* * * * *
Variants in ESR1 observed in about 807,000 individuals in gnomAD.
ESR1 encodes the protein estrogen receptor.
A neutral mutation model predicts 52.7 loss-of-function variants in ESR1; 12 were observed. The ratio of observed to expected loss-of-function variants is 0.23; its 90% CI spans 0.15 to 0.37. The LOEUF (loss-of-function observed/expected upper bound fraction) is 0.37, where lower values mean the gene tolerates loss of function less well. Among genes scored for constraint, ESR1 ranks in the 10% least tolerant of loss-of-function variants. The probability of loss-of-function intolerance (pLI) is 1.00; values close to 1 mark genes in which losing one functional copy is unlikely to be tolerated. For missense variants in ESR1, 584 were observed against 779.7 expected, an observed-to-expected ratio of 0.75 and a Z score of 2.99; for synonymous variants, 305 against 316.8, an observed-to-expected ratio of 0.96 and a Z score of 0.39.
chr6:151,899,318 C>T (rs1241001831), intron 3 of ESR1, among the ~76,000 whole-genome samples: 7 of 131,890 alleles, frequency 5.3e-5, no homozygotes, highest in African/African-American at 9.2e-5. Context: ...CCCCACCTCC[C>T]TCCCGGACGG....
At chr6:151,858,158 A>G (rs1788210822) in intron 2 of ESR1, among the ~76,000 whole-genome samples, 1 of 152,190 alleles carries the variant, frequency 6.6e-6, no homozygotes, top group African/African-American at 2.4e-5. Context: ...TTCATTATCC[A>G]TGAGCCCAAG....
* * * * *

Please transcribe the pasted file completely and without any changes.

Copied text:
Variants in ESR1 observed in about 807,000 individuals in gnomAD.
ESR1 encodes the protein estrogen receptor.
A neutral mutation model predicts 52.7 loss-of-function variants in ESR1; 12 were observed. The ratio of observed to expected loss-of-function variants is 0.23; its 90% CI spans 0.15 to 0.37. The LOEUF (loss-of-function observed/expected upper bound fraction) is 0.37, where lower values mean the gene tolerates loss of function less well. Among genes scored for constraint, ESR1 ranks in the 10% least tolerant of loss-of-function variants. The probability of loss-of-function intolerance (pLI) is 1.00; values close to 1 mark genes in which losing one functional copy is unlikely to be tolerated. For missense variants in ESR1, 584 were observed against 779.7 expected, an observed-to-expected ratio of 0.75 and a Z score of 2.99; for synonymous variants, 305 against 316.8, an observed-to-expected ratio of 0.96 and a Z score of 0.39.
chr6:151,899,318 C>T (rs1241001831), intron 3 of ESR1, among the ~76,000 whole-genome samples: 7 of 131,890 alleles, frequency 5.3e-5, no homozygotes, highest in African/African-American at 9.2e-5. Context: ...CCCCACCTCC[C>T]TCCCGGACGG....
At chr6:151,858,158 A>G (rs1788210822) in intron 2 of ESR1, among the ~76,000 whole-genome samples, 1 of 152,190 alleles carries the variant, frequency 6.6e-6, no homozygotes, top group African/African-American at 2.4e-5. Context: ...TTCATTATCC[A>G]TGAGCCCAAG....